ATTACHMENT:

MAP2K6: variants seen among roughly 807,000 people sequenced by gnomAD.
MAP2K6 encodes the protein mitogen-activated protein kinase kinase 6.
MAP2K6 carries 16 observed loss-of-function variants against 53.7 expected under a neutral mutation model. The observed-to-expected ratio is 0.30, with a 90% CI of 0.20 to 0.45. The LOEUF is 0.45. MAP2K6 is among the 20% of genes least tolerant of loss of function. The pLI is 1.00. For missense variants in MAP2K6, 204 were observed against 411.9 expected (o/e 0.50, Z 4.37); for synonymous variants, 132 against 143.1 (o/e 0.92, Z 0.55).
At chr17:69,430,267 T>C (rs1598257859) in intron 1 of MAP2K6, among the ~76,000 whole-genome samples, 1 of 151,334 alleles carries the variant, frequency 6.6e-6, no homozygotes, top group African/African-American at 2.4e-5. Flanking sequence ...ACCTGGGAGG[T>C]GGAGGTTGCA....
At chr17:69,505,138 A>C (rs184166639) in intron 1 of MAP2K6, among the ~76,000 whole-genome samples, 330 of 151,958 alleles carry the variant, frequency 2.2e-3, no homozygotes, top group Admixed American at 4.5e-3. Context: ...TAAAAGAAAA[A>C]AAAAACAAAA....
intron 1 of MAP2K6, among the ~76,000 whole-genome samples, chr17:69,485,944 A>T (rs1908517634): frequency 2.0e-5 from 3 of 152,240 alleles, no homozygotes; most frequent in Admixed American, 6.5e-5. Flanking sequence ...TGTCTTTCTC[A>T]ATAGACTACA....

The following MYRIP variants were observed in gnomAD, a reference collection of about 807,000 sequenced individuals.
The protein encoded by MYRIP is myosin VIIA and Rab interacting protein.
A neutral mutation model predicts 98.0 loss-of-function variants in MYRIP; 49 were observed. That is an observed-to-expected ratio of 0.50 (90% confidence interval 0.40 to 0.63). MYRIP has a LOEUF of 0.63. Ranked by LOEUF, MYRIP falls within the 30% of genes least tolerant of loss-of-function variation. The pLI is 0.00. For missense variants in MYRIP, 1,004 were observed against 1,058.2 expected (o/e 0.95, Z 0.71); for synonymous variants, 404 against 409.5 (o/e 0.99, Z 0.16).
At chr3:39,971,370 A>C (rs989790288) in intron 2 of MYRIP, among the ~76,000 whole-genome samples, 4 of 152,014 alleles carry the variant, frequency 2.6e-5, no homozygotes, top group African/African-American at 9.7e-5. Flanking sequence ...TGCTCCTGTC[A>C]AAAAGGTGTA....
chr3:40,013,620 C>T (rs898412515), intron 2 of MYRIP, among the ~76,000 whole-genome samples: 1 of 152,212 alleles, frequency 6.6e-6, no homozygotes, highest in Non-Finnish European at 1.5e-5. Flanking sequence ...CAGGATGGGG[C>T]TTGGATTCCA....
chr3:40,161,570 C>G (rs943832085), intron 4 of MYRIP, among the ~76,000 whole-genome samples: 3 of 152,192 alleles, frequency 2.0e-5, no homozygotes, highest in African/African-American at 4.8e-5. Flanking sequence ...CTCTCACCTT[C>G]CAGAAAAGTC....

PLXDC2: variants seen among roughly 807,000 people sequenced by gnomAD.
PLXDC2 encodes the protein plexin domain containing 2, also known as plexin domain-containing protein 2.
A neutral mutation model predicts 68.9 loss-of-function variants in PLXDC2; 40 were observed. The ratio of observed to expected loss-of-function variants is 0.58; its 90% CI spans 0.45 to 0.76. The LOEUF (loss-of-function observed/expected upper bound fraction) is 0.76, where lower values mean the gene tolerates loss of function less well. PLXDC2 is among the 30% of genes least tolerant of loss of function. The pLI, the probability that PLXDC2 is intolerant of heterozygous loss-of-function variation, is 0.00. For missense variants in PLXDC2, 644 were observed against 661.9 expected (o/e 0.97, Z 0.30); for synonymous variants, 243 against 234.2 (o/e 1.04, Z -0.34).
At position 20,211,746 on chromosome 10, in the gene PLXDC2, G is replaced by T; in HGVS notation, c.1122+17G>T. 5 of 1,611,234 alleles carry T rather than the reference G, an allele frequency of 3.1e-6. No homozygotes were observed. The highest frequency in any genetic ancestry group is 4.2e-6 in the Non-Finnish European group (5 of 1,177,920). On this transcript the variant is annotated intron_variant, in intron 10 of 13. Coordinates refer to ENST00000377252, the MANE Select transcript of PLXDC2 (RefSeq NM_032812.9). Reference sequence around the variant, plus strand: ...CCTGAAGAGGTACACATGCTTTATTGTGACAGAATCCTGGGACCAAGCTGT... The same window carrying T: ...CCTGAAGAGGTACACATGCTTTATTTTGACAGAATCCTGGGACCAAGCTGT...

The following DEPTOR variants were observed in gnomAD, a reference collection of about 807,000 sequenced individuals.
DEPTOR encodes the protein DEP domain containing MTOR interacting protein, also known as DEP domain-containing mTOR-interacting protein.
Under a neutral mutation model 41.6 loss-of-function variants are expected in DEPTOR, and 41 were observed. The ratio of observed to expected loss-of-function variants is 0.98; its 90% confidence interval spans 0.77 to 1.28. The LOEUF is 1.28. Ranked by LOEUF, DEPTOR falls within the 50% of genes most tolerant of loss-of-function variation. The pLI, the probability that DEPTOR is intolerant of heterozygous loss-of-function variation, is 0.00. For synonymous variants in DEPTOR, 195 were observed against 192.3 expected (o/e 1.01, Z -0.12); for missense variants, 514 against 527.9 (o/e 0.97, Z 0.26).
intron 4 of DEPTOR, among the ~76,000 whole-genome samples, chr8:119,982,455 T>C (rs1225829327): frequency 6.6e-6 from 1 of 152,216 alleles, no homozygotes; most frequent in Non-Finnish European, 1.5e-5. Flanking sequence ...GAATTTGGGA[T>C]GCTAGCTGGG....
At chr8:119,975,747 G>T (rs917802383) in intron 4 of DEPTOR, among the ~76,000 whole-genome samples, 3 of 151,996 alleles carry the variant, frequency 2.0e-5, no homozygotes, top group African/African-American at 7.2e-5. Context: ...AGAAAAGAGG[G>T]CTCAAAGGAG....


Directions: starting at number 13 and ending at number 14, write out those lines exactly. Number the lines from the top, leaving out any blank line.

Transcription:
PLXDC2: variants seen among roughly 807,000 people sequenced by gnomAD.
PLXDC2 encodes the protein plexin domain containing 2, also known as plexin domain-containing protein 2.